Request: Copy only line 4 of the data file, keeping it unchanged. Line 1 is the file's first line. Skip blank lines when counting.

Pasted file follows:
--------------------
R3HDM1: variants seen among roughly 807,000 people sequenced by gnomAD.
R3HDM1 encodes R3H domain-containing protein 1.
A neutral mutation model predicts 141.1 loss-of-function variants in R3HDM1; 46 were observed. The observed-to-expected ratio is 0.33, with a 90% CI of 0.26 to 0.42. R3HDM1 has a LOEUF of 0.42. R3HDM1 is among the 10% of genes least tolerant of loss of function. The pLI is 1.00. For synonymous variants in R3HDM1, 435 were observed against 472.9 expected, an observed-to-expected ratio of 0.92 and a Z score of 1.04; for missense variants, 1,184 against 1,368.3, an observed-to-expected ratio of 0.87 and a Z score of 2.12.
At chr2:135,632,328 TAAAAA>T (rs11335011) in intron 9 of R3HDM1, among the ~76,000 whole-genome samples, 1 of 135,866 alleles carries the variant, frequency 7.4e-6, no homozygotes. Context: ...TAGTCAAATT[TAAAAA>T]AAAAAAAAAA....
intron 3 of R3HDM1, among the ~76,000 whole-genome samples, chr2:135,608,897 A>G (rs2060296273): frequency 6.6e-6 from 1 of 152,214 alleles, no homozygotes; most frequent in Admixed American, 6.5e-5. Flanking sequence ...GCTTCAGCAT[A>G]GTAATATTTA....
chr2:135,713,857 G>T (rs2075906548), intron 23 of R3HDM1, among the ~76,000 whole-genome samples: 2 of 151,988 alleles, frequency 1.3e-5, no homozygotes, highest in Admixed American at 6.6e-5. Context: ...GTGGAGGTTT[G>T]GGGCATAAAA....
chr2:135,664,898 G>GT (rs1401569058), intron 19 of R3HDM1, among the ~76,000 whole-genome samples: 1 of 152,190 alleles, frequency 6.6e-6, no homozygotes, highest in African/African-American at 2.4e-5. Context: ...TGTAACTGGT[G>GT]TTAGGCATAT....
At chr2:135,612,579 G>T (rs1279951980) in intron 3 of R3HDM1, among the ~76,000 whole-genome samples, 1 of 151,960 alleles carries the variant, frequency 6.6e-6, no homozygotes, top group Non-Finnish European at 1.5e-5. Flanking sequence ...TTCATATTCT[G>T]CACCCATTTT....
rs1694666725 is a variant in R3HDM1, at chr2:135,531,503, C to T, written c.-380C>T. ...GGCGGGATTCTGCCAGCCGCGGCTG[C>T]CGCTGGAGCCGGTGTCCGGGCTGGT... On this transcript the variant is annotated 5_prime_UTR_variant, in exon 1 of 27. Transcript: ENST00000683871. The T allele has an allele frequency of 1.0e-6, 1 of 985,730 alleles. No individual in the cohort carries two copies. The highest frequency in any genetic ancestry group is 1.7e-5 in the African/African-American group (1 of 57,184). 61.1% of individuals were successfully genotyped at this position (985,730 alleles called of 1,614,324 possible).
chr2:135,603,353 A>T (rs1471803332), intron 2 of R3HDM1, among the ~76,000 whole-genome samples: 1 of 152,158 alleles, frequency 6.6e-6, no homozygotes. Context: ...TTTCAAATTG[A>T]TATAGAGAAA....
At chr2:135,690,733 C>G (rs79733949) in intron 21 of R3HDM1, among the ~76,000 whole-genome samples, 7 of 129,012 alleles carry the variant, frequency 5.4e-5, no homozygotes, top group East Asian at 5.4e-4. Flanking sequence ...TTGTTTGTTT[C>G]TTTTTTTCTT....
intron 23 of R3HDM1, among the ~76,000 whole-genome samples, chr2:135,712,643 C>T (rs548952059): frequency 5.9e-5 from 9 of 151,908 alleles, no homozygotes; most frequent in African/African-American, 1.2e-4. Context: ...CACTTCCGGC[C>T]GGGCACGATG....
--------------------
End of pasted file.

At chr2:135,632,328 TAAAAA>T (rs11335011) in intron 9 of R3HDM1, among the ~76,000 whole-genome samples, 1 of 135,866 alleles carries the variant, frequency 7.4e-6, no homozygotes. Context: ...TAGTCAAATT[TAAAAA>T]AAAAAAAAAA....